Benefits and Flaws of Loop Quantum Gravity
As with string theory, loop quantum gravity is passionately embraced by some physicists and dismissed by others. The physicists who study it believe that the predictions (described in the preceding section) are far better than those made by string theory.
One major argument in support of LQG is that it’s seen by its adherents as a finite theory, meaning that the theory itself doesn’t inherently admit infinities. These same researchers also tend to dismiss the flaws as being the product of insufficient work (and funding) devoted to the theory. String theorists, in turn, view them as much a victim of groupthink as critics view string theorists.
The benefit of a finite theorem
One major benefit of loop quantum gravity is that the theory has been proved finite in a more definitive sense than string theory has. Lee Smolin, one of the key (and certainly most high profile) researchers of LQG, describes in his book The Trouble with Physics three distinct ways that the theory is finite (with string theorist objections in parentheses):
The areas and volumes in loop quantum gravity are always in finite, discrete units. (String theorists would say this isn’t a particularly meaningful form of finiteness.)
In the Barrett-Crane model of loop quantum gravity, the probabilities for a quantum geometry to evolve into different histories are always finite. (This sounds just like unitarity, which is a property of string theory and all quantum field theories.)
Including gravity in a loop quantum gravity theory that contains matter theory, like the Standard Model, involves no infinite expressions. If gravity is excluded, you have to do some tinkering to avoid them. (String theorists believe this claim is premature and that there are substantial problems with the proposed LQG models that yield this result.)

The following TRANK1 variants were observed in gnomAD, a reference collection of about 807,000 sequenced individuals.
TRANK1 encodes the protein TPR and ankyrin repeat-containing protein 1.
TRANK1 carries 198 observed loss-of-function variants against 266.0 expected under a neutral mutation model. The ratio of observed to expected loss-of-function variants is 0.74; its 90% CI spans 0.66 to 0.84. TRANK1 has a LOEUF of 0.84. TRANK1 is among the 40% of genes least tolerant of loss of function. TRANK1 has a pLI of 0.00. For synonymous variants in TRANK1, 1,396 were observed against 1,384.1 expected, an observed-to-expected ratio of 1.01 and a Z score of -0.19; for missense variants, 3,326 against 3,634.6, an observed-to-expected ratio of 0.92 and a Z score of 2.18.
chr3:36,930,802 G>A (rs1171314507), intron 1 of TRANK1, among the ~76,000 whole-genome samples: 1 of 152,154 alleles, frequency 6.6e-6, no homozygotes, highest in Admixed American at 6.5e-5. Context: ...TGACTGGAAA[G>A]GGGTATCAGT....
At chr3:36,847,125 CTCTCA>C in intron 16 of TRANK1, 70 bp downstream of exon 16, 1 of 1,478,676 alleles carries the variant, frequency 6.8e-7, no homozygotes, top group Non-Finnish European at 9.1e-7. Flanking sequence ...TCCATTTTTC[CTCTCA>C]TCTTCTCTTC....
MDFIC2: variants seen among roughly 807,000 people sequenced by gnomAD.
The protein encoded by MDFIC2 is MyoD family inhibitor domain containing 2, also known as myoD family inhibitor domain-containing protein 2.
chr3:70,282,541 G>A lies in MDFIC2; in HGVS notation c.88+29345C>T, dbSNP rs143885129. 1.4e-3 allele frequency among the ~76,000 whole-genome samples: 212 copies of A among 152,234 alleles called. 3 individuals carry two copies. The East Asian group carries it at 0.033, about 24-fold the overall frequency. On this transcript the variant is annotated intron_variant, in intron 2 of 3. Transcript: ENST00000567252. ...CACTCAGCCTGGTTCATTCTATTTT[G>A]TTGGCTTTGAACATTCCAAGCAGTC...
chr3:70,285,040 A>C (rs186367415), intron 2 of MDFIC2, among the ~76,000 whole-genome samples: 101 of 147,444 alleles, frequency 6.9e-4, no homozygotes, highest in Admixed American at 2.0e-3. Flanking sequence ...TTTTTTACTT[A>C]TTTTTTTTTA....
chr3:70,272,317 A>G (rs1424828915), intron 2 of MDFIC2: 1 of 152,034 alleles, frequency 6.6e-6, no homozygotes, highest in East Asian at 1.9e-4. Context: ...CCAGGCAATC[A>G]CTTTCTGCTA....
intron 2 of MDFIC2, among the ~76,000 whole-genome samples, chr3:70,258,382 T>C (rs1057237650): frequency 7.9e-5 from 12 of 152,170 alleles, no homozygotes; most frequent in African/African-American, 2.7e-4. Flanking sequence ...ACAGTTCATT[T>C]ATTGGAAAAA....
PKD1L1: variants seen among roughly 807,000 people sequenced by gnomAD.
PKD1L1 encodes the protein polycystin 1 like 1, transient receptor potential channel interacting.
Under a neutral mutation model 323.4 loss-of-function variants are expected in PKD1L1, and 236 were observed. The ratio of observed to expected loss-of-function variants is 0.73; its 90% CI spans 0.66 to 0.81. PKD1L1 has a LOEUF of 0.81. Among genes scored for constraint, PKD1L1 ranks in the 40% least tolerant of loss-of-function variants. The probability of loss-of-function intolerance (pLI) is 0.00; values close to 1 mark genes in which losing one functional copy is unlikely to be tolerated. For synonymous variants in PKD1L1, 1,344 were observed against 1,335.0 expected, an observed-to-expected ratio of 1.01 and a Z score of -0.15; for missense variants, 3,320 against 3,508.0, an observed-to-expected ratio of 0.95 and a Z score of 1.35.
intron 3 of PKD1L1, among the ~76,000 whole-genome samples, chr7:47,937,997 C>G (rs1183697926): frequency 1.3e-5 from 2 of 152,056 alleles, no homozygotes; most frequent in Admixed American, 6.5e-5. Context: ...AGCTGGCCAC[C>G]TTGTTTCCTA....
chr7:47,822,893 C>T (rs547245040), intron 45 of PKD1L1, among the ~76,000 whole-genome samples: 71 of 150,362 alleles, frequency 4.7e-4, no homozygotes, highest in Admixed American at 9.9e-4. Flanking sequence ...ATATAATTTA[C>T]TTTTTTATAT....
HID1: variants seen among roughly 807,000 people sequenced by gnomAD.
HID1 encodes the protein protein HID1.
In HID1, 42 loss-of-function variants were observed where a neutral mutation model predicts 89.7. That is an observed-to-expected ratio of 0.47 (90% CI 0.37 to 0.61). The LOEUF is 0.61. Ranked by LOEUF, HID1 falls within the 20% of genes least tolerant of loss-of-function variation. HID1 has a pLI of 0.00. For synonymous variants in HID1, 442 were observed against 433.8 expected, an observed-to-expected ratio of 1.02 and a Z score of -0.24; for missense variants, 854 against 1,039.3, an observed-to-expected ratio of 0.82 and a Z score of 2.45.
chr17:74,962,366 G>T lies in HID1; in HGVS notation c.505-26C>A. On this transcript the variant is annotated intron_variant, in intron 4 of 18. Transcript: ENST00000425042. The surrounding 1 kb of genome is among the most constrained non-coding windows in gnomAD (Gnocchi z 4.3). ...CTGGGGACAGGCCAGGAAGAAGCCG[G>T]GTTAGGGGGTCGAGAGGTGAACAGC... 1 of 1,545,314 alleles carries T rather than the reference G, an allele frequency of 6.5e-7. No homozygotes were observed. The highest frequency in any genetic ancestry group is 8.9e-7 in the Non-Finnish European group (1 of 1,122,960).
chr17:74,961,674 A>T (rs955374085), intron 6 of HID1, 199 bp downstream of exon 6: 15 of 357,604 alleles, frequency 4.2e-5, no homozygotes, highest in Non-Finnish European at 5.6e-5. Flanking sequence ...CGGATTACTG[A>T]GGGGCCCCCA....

Some questions exist (largely brought up by loop quantum gravity theorists) about whether string theory is actually finite — or, more specifically, over whether it has been rigorously proved finite.
From the theoretical side of things, the loop quantum gravity people view this uncertainty as a major victory over string theory. (String theorists would argue that the statements above still don’t prove that LQG can’t result in an infinite solution when experimental data is put into the theory.)
Some of the flaws of loop quantum gravity
Many of the flaws in loop quantum gravity are the same flaws in string theory. Their predictions generally extend into realms that aren’t quite testable yet (although LQG is a bit closer to being able to be experimentally tested than string theory probably is).
Also, it’s not really clear that loop quantum gravity is any more falsifiable than string theory. For example, the discovery of supersymmetry or extra dimensions won’t disprove loop quantum gravity any more than the failure to detect them will disprove string theory.
The only discovery that I think LQG would have a hard time overcoming would be if black holes are observed and Hawking radiation proves to be false, which would be a problem for any quantum gravity theory, including string theory.
The biggest flaw in loop quantum gravity is that it has yet to successfully show that you can take a quantized space and extract a smooth space-time out of it. In fact, the entire method of adding time into the spin network seems somewhat contrived to some critics, although whether it’s any more contrived than the entirely background-dependent formulation of string theory remains to be seen.
The quantum theory of space-time in loop quantum gravity is really just a quantum theory of space. The spin network described by the theory cannot yet incorporate time.
Some, such as Lee Smolin, believe that time will prove to be a necessary and fundamental component of the theory, while Carlo Rovelli believes that the theory will ultimately show that time doesn’t really exist, but is just an emergent property without a real existence on its own.